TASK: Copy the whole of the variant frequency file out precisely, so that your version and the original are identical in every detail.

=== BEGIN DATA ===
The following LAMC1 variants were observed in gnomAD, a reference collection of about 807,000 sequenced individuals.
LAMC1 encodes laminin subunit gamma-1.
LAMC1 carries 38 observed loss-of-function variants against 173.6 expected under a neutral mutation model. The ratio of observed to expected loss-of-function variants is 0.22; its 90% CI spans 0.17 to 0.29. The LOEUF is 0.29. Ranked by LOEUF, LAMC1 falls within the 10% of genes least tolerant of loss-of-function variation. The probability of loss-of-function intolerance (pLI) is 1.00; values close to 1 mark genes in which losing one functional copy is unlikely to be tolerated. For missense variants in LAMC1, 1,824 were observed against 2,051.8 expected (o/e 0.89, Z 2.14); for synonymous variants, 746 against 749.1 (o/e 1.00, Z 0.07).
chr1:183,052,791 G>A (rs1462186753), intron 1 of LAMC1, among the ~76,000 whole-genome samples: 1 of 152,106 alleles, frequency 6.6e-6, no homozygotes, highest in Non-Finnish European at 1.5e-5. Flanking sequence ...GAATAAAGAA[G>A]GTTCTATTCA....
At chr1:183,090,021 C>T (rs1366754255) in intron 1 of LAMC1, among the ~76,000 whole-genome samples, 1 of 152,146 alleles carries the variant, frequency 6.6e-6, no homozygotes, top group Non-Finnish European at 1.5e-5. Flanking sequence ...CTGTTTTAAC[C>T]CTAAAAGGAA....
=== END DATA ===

The following LAMC1 variants were observed in gnomAD, a reference collection of about 807,000 sequenced individuals.
LAMC1 encodes laminin subunit gamma-1.
LAMC1 carries 38 observed loss-of-function variants against 173.6 expected under a neutral mutation model. The ratio of observed to expected loss-of-function variants is 0.22; its 90% CI spans 0.17 to 0.29. The LOEUF is 0.29. Ranked by LOEUF, LAMC1 falls within the 10% of genes least tolerant of loss-of-function variation. The probability of loss-of-function intolerance (pLI) is 1.00; values close to 1 mark genes in which losing one functional copy is unlikely to be tolerated. For missense variants in LAMC1, 1,824 were observed against 2,051.8 expected (o/e 0.89, Z 2.14); for synonymous variants, 746 against 749.1 (o/e 1.00, Z 0.07).
chr1:183,052,791 G>A (rs1462186753), intron 1 of LAMC1, among the ~76,000 whole-genome samples: 1 of 152,106 alleles, frequency 6.6e-6, no homozygotes, highest in Non-Finnish European at 1.5e-5. Flanking sequence ...GAATAAAGAA[G>A]GTTCTATTCA....
At chr1:183,090,021 C>T (rs1366754255) in intron 1 of LAMC1, among the ~76,000 whole-genome samples, 1 of 152,146 alleles carries the variant, frequency 6.6e-6, no homozygotes, top group Non-Finnish European at 1.5e-5. Flanking sequence ...CTGTTTTAAC[C>T]CTAAAAGGAA....